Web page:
CLN6 disease is an inherited disorder that primarily affects the nervous system. The signs and symptoms of this condition typically begin between early and late childhood, but sometimes they can appear in adulthood.
Most children with CLN6 disease initially experience the loss of previously acquired skills (developmental regression). Affected individuals can also develop recurrent seizures (epilepsy), difficulty coordinating movements (ataxia), muscle twitches (myoclonus), impaired speech (dysarthria), and vision loss. The movement problems worsen over time until affected children cannot walk, stand, or sit without assistance. Intellectual function also declines over time. Most children with CLN6 disease do not survive into adulthood.
Some people with CLN6 disease do not show signs or symptoms of the condition until adulthood, typically after age 30. These individuals can have epilepsy, ataxia, dysarthria, and a progressive loss of intellectual function. CLN6 disease usually does not cause vision loss in affected adults. Adults with this condition do not often survive more than 10 years after diagnosis.
CLN6 disease is one of a group of disorders known as neuronal ceroid lipofuscinoses (NCLs), which may also be collectively referred to as Batten disease. All these disorders affect the nervous system and typically cause worsening problems with vision, movement, and thinking ability. The different NCLs are distinguished by their genetic cause. Each disease type is given the designation "CLN," meaning ceroid lipofuscinosis, neuronal, and then a number to indicate its subtype.
The incidence of CLN6 disease is unknown; more than 125 cases have been described in the scientific literature. Collectively, all forms of NCL affect an estimated 1 in 100,000 individuals worldwide.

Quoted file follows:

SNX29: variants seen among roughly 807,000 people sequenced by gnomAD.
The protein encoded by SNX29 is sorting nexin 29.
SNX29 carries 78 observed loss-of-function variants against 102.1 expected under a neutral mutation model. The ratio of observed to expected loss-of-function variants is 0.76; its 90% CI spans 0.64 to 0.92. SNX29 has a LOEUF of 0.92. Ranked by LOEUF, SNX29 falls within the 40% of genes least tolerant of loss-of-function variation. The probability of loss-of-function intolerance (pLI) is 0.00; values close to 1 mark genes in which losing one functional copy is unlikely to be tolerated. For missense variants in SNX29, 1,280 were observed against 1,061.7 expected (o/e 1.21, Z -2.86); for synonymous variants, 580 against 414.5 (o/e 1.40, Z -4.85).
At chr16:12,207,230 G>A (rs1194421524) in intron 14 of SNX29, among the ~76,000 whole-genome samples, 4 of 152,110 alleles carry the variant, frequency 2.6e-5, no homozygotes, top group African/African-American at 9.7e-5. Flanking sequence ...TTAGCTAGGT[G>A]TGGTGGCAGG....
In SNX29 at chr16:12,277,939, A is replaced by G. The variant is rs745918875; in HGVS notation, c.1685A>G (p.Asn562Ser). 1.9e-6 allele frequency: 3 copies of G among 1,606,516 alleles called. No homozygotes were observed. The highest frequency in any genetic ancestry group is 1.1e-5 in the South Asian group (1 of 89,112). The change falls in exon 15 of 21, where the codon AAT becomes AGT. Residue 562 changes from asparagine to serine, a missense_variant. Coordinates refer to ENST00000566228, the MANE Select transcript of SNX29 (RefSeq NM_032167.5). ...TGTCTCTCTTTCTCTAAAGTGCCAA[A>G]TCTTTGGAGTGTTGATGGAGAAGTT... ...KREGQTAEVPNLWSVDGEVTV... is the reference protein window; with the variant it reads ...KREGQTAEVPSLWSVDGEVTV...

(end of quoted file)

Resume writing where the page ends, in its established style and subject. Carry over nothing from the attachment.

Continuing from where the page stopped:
Mutations in the CLN6 gene cause CLN6 disease. The CLN6 gene provides instructions for making a protein whose function is not well understood. Within cells, the CLN6 protein is found in a structure called the endoplasmic reticulum, which is involved in protein processing and transport. Research suggests that the CLN6 protein helps cells get rid of materials they no longer need.
Most CLN6 gene mutations result in the production of an abnormal CLN6 protein that is quickly broken down (degraded). As a result, there is a severe reduction in the amount of functional CLN6 protein in cells. While it is not known how the loss of this protein causes the signs and symptoms of CLN6 disease, it is likely that the protein's quick degradation contributes to the childhood onset of CLN6 disease.
In the cases in which CLN6 disease develops in adulthood, CLN6 gene mutations often result in a CLN6 protein with reduced function. Research suggests that these CLN6 gene mutations allow enough functional protein to be produced so that signs and symptoms of the disorder do not develop until later in life.
CLN6 disease, like other NCLs, is characterized by the accumulation of proteins and other substances in lysosomes, which are cell structures that digest and recycle different types of molecules. These accumulations occur in cells throughout the body; however, nerve cells seem to be particularly vulnerable to their effects. The accumulations can cause cell damage leading to cell death. The progressive death of nerve cells in the brain and other tissues leads to the signs and symptoms of CLN6 disease. However, it is unclear how mutations in the CLN6 gene are involved in the buildup of substances in lysosomes in CLN6 disease. These accumulations occur in more cells throughout the body in children with CLN6 disease than in affected adults.
This condition is inherited in an autosomal recessive pattern, which means both copies of the gene in each cell have mutations. The parents of an individual with an autosomal recessive condition each carry one copy of the mutated gene, but they typically do not show signs and symptoms of the condition.